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A nascent network in North East and North Cumbria ICS

Tuesday, June 2, 2020

The NHS England Long Term Plan restated the importance of Respiratory Clinical Networks in delivering its ambitious aims and COVID-19 has shown just how much networks can speed up the response of the health service. Since the launch of the Long Term Plan, a number of regions have either resurrected previous networks that had been disbanded, often due to lack of funding, or are setting up new ones.

Claire Adams is the Primary care Clinical Lead of a nascent Respiratory Network in North East and North Cumbria. Here, she tells us about their story so far.

It all started with Long Term Plan (LTP) for us, it was the first time in a long time that respiratory was getting some recognition, nationally. I have worked in this field for around 15 years now, and until then we had to fight very hard for space and funding in any national plan. Lung disease has been the Cinderella disease for quite some time. The plan didn’t just bring respiratory disease high up on the national agenda, it also brought clinical networks back to the fore.

After the LTP was published, NHS Rightcare approached myself and Dr Graham Burns (Royal Victoria Infirmary, Newcastle), asking us to focus on the Earlier and More Accurate Diagnosis aspect of the plan for the region, and to come up with a blueprint for an improved service that could be applied across North East and North Cumbria. In our case, that meant looking at providing a recommendation for a spirometry model.

When we set to work, we noticed a lot of variation in how spirometry was used across the region, particularly in primary care. It was clear that a more standardised approach was needed to make better diagnoses and we presented these results to the whole North region at the end of the process.

We saw value in forming a clinical network here, as a way to get a full range of views from across our (vast) region on what would be consistently deliverable in the different areas of the North East and North Cumbria given the large number of trusts and CCGs covered. The network would also serve as a forum for people to share innovations in their patch.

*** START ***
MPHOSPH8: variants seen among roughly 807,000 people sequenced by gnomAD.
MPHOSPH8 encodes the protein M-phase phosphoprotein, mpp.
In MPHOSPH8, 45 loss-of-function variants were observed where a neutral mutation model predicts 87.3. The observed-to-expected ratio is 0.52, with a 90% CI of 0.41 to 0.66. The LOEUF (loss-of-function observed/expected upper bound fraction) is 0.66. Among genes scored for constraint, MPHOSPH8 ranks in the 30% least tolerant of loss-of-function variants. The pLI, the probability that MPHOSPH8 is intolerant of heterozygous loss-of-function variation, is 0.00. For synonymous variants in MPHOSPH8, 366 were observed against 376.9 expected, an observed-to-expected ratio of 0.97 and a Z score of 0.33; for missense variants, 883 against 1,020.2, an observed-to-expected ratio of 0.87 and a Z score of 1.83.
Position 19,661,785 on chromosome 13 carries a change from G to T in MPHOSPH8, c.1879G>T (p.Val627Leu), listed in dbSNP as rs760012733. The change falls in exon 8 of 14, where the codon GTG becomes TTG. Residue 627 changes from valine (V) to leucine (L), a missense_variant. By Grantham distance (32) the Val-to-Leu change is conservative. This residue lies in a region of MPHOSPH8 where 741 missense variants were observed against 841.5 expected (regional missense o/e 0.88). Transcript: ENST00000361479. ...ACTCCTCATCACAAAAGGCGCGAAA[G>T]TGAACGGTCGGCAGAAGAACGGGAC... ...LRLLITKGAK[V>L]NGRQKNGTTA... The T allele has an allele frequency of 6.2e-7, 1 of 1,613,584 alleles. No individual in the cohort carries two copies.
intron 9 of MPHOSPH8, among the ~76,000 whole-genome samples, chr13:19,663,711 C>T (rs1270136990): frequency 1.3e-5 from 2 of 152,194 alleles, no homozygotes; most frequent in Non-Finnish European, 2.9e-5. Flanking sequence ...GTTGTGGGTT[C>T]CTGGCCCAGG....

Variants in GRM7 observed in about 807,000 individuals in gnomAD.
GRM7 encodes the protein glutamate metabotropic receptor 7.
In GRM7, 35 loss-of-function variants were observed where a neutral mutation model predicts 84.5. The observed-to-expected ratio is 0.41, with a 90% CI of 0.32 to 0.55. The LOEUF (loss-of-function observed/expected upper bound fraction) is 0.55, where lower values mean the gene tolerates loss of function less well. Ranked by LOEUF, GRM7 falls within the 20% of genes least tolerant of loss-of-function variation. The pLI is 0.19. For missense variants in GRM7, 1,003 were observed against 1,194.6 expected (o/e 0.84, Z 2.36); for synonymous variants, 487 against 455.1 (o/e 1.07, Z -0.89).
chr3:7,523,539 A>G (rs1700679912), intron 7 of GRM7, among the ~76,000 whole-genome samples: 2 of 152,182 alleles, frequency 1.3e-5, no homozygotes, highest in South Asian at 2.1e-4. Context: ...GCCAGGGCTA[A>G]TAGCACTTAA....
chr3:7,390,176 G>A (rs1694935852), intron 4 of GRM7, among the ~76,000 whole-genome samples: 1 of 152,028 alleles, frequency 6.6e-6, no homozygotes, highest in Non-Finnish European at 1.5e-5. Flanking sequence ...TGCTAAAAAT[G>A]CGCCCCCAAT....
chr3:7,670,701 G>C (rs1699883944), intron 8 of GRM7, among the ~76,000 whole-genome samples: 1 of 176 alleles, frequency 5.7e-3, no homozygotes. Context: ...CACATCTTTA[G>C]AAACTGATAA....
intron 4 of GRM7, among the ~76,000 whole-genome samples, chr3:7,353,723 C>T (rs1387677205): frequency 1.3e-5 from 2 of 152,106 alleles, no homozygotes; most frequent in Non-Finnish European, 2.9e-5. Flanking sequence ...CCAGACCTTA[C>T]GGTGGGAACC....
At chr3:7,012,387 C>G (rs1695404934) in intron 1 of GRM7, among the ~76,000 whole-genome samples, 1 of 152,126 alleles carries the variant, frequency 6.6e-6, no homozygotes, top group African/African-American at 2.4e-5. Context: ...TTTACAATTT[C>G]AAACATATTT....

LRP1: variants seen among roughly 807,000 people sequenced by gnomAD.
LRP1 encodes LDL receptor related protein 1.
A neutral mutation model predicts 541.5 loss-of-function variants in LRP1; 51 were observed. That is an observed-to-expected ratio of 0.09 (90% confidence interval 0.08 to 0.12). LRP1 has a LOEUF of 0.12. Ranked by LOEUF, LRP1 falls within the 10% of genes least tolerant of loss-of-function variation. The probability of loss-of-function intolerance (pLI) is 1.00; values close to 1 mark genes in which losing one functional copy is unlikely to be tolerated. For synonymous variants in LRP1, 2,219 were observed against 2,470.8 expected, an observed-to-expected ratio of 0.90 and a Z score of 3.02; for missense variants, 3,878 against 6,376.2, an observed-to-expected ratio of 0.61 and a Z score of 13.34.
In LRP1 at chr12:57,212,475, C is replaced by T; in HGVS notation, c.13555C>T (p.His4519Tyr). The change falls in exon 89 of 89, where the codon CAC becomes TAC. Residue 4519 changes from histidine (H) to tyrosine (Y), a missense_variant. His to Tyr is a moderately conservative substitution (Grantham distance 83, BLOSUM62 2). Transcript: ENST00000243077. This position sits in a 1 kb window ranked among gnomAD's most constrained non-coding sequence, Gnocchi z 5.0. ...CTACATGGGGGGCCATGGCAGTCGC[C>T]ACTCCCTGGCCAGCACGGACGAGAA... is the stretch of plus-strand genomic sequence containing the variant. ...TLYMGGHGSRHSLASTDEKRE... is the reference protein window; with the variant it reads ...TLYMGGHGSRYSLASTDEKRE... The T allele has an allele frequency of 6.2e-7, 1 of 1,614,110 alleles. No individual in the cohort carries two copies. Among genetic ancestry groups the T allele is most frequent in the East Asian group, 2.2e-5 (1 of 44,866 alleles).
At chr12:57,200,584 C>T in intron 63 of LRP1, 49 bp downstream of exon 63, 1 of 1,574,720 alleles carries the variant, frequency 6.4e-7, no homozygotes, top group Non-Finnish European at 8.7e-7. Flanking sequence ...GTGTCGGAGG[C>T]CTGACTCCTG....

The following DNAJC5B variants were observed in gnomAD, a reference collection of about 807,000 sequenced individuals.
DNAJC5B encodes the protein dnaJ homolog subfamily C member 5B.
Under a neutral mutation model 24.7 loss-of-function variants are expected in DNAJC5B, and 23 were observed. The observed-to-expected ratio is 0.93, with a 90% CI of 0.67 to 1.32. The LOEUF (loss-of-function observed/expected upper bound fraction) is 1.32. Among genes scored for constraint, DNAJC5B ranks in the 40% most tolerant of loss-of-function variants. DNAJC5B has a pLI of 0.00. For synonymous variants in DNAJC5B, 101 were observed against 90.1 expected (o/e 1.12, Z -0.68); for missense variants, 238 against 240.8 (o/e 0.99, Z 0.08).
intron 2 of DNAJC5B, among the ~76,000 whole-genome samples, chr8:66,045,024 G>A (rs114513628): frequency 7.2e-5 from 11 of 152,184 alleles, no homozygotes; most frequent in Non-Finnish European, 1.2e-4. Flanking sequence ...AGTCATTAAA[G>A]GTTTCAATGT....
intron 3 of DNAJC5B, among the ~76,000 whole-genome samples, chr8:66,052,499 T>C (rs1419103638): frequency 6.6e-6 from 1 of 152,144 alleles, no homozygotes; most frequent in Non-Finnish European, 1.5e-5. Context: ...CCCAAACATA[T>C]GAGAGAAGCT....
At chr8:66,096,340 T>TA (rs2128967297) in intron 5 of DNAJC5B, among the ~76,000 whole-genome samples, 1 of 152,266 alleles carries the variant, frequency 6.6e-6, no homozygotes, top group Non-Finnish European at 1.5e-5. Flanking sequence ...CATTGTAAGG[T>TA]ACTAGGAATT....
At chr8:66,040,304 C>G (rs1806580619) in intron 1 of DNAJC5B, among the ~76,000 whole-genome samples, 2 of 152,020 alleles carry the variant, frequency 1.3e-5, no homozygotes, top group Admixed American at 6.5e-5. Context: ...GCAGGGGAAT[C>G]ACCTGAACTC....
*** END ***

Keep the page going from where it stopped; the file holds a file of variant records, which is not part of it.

The Northern England Clinical Networks, in the meantime, had made funding available and begun recruitment for a primary care and a secondary care lead for a new respiratory clinical network to support delivery of the LTP in the region. I applied to the Primary Care post, and was successful. Next I started to put my idea into practice, I am firmly convinced that to deliver the ambition of the plan, we need a well developed respiratory clinical network to connect all parts of the region and all the professions linked to respiratory disease.

We are now slowly building the actual network and continue to seek the right people to join. I have had quite a few conversations with a number of GPs, consultants, physiotherapists, nurse specialists, pharmacists and others. We need a clinical network, but it’s essential that the people who join want it to happen. We need strong engagement from the clinical community for it to have a meaningful role.

In the meantime, even in incomplete form, the network was able to progress with some of the aspirations of the LTP. Based on the initial work we had done, a model for delivering spirometry across the region was presented to many stakeholders at a ‘North of England’ NHSE meeting. However, as we were working implementation of this plan, the pandemic spread to the UK. Before we can roll it out, it needs to be revised to take COVID into account now.

So it’s ongoing work but the hope is that we will bring together a lot of people with the desire to make this work in order that the network can foster a culture of partnership and collaboration, support integrated care, improve the quality of respiratory care, and promote equity of healthcare in respiratory disease.

It is heartening to see that there is central NHS support for networks at the moment and I hope that there is a will, centrally, to continue to support these initiatives for the long term. Clinical Networks need time to establish and are not a single-issue tool. If appropriately staffed and funded they can transform the way care is provided in their regions for the better, we have seen a great example in the London Respiratory Network, to name one.